Glacier FarmMedia – Many farmers in Canada are on the verge of burnout, according to a study, putting them at risk of developing chronic diseases and mental health challenges.
The new study, conducted by the University of Guelph in Ontario, found that nearly half of participants felt ineffective, disengaged or overextended.
Why it matters: Stressed out farmers are not only less productive, but too much stress can cause health and relationship problems.
Canadian farmers also scored higher in being emotionally exhausted and cynical when compared to international data, said Andria Jones-Bitton, a researcher of farmer and veterinarian mental health with the university.
“The emotional exhaustion and cynicism scores are concerning because emotional exhaustion contributes to being overextended and cynicism contributes to being disengaged. This all works its way to burnout,” said Jones-Bitton, while sharing the findings at the Canadian Agricultural Safety Association’s annual conference in Quebec City.
Jones-Bitton described burnout as a scale. People generally start feeling engaged with their work, but as stressors mount over time, they become ineffective, overextended and disengaged.
If pressures increase or persist, then people can become burned out, which comes with feelings of helplessness and extreme exhaustion.
In the study, 12 per cent of participants were classified as burned out, while 40 per cent of participants scored as being engaged.
The good news, Jones-Bitton said, is Canadian farmers scored higher in professional efficacy when compared to international data. Professional efficacy measures people’s feelings of competency at getting their jobs done.
However, she added, addressing the stressors that lead to burnout are crucial because it could have serious implications for farm productivity, labour retention and for the success of the industry.
“Burnout is associated with physical ramifications, like chronic diseases, diabetes, gastro intestinal disease and respiratory disease,” Jones-Bitton said. “We know it is associated with mental health ramifications, such as insomnia, depression and poor mental health outcomes.
“It’s also associated with behaviour and attitudinal changes. We see decreased job efficiency or decreased job performance. We see a decrease in job satisfaction, which in turn results in turnover.”
To get their results, researchers pulled 1,100 participant surveys from the online national farmer mental health survey. They then categorized participants into one of five profiles: engaged, ineffective, overextended, disengaged and burned out.
They found that if participants had rated their physical and mental health as low, there was a greater chance they would experience burnout.
As well, participants who reported experiencing financial stress and being dissatisfied with supports from spouses or the industry were more likely to have a high burnout score.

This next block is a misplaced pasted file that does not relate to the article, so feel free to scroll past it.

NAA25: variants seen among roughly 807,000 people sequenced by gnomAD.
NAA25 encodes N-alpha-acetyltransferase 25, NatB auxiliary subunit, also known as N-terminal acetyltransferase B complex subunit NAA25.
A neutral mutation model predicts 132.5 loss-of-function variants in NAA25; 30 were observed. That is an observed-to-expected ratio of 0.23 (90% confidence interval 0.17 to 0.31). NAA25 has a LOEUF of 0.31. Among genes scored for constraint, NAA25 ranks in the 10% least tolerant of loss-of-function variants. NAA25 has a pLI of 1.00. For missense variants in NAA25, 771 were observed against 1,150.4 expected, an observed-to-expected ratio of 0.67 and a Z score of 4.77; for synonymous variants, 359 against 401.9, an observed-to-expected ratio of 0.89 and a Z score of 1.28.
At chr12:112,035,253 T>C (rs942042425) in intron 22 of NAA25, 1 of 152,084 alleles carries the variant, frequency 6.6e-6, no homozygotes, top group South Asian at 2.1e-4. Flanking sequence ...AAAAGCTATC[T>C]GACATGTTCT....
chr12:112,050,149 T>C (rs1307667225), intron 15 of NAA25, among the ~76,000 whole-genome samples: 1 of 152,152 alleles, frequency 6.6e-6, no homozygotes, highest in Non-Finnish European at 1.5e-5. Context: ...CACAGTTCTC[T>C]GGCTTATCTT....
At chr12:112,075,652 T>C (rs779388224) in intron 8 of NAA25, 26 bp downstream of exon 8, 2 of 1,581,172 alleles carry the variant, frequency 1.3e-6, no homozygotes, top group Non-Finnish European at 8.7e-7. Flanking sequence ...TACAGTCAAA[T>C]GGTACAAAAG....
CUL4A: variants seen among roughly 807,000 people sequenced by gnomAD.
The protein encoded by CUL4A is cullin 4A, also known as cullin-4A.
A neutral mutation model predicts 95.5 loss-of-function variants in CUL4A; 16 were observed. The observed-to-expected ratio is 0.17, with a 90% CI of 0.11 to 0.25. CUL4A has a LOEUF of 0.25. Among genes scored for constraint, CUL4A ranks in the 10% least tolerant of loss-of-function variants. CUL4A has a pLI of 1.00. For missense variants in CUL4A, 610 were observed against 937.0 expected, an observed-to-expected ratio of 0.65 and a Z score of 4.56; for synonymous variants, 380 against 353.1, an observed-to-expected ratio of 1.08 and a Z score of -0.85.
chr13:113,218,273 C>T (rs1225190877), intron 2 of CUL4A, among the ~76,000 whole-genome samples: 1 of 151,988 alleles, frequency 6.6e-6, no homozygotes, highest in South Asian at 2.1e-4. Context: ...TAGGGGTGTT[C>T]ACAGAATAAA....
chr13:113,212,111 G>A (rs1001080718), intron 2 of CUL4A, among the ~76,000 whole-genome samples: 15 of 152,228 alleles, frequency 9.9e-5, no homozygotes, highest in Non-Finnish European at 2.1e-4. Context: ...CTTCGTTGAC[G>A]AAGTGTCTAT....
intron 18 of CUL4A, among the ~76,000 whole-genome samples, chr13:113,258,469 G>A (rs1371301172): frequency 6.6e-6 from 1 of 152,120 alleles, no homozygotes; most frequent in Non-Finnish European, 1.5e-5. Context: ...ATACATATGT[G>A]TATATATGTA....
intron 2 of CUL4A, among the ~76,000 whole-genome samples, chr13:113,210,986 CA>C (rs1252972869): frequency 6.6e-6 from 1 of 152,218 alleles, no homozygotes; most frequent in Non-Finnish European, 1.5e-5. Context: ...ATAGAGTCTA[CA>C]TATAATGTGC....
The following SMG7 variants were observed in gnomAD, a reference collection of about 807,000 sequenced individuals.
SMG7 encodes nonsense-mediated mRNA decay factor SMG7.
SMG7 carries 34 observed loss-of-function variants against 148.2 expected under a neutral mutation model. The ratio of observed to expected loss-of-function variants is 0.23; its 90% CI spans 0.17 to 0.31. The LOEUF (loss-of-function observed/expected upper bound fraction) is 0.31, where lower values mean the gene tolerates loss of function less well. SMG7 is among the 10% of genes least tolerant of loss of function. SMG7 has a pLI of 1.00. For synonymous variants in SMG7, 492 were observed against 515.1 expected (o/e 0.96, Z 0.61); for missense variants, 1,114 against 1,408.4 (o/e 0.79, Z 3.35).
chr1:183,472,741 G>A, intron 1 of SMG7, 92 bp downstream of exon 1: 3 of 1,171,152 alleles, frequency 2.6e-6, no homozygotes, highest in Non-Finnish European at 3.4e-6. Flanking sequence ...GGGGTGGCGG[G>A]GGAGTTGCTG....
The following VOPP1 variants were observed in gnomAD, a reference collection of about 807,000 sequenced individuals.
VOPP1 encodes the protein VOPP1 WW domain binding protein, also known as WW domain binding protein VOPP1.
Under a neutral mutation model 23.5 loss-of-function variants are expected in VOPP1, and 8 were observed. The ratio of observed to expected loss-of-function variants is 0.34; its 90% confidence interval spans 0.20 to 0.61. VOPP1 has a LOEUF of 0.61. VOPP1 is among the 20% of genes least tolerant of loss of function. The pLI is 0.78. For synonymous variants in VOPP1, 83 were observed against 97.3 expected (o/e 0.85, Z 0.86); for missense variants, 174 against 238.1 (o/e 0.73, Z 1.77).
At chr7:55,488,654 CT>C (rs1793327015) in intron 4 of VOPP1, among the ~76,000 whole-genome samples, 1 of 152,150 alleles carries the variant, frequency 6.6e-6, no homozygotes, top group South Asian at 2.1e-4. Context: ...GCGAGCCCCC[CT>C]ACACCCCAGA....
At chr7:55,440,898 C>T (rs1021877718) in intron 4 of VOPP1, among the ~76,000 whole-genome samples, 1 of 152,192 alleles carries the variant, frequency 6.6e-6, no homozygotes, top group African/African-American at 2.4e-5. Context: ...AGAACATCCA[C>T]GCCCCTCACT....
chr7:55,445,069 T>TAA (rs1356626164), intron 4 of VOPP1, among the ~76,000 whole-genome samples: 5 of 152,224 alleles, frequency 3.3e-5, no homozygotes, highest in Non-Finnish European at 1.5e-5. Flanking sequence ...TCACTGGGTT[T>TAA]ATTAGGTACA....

When it comes to gender, Jones-Bitton said, emotional exhaustion decreased with males as they aged, but remained constant over time. In females, emotional exhaustion increased in their mid-30s.
She explained women could be seeing more emotional exhaustion around that time in their life because they are doing farm work and off-farm work, primarily caring for children and managing the household.
She said burnout occurs when demands outweigh resources.
In farming, demands are immense and include disease outbreaks, extreme weather events, market instability, high workloads and lack of free time.
“Some of our participants have told us they need to be an expert in animal care, business management and sales and marketing,” she said. “It’s also difficult for many farmers to find workers to help with that burden.”
One way to help farmers feel less burned out would be by employing more workers to take on tasks, but Jones-Bitton said that is difficult. Labour shortages and high turnover are key challenges faced by the industry.
Another way to help farmers, she said, is by increasing resources through social support systems.
Those systems can come from getting together with friends, getting away from the farm once in a while, attending industry events and participating in recreational, faith-based or volunteer activities.
“Lots of farmers that were doing well were engaged in team sports, volunteering, 4-H clubs or faith-based groups,” Jones-Bitton said.
As well, the study found that spouses who had good communication and worked well together were able to weather storms much easier, she added.
“We need to support farmers,” she said.
“If we can’t do it by alleviating their workload or financial pressure, we need to explore opportunities to boost those social supports, as well as do additional research to develop interventions that help deal with stress and mental health.”
This article was originally published at the Western Producer.